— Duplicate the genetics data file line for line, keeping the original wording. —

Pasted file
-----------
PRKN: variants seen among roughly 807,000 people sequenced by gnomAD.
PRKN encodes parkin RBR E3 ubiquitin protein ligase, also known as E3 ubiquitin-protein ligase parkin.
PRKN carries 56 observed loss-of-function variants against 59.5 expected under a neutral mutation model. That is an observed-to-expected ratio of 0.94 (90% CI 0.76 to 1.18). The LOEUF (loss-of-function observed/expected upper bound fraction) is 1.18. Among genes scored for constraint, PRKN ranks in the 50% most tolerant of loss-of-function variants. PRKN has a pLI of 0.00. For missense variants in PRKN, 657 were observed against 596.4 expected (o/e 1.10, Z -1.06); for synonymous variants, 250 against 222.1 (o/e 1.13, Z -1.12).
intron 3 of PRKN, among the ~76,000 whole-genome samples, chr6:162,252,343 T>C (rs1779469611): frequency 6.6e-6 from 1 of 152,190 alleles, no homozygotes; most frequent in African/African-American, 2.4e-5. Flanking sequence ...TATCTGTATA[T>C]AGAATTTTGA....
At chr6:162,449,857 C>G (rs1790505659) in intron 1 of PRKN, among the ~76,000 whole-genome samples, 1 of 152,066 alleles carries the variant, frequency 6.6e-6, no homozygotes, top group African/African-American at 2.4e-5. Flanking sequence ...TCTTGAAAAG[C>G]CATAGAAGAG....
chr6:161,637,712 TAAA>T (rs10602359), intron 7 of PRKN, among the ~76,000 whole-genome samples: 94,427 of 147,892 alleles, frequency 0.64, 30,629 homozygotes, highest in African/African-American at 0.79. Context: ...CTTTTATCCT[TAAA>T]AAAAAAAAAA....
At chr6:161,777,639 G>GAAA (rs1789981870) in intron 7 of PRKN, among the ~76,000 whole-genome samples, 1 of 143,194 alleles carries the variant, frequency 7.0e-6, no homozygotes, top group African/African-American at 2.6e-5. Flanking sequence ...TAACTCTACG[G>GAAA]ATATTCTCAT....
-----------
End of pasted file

PRKN: variants seen among roughly 807,000 people sequenced by gnomAD.
PRKN encodes parkin RBR E3 ubiquitin protein ligase, also known as E3 ubiquitin-protein ligase parkin.
PRKN carries 56 observed loss-of-function variants against 59.5 expected under a neutral mutation model. That is an observed-to-expected ratio of 0.94 (90% CI 0.76 to 1.18). The LOEUF (loss-of-function observed/expected upper bound fraction) is 1.18. Among genes scored for constraint, PRKN ranks in the 50% most tolerant of loss-of-function variants. PRKN has a pLI of 0.00. For missense variants in PRKN, 657 were observed against 596.4 expected (o/e 1.10, Z -1.06); for synonymous variants, 250 against 222.1 (o/e 1.13, Z -1.12).
intron 3 of PRKN, among the ~76,000 whole-genome samples, chr6:162,252,343 T>C (rs1779469611): frequency 6.6e-6 from 1 of 152,190 alleles, no homozygotes; most frequent in African/African-American, 2.4e-5. Flanking sequence ...TATCTGTATA[T>C]AGAATTTTGA....
At chr6:162,449,857 C>G (rs1790505659) in intron 1 of PRKN, among the ~76,000 whole-genome samples, 1 of 152,066 alleles carries the variant, frequency 6.6e-6, no homozygotes, top group African/African-American at 2.4e-5. Flanking sequence ...TCTTGAAAAG[C>G]CATAGAAGAG....
chr6:161,637,712 TAAA>T (rs10602359), intron 7 of PRKN, among the ~76,000 whole-genome samples: 94,427 of 147,892 alleles, frequency 0.64, 30,629 homozygotes, highest in African/African-American at 0.79. Context: ...CTTTTATCCT[TAAA>T]AAAAAAAAAA....
At chr6:161,777,639 G>GAAA (rs1789981870) in intron 7 of PRKN, among the ~76,000 whole-genome samples, 1 of 143,194 alleles carries the variant, frequency 7.0e-6, no homozygotes, top group African/African-American at 2.6e-5. Flanking sequence ...TAACTCTACG[G>GAAA]ATATTCTCAT....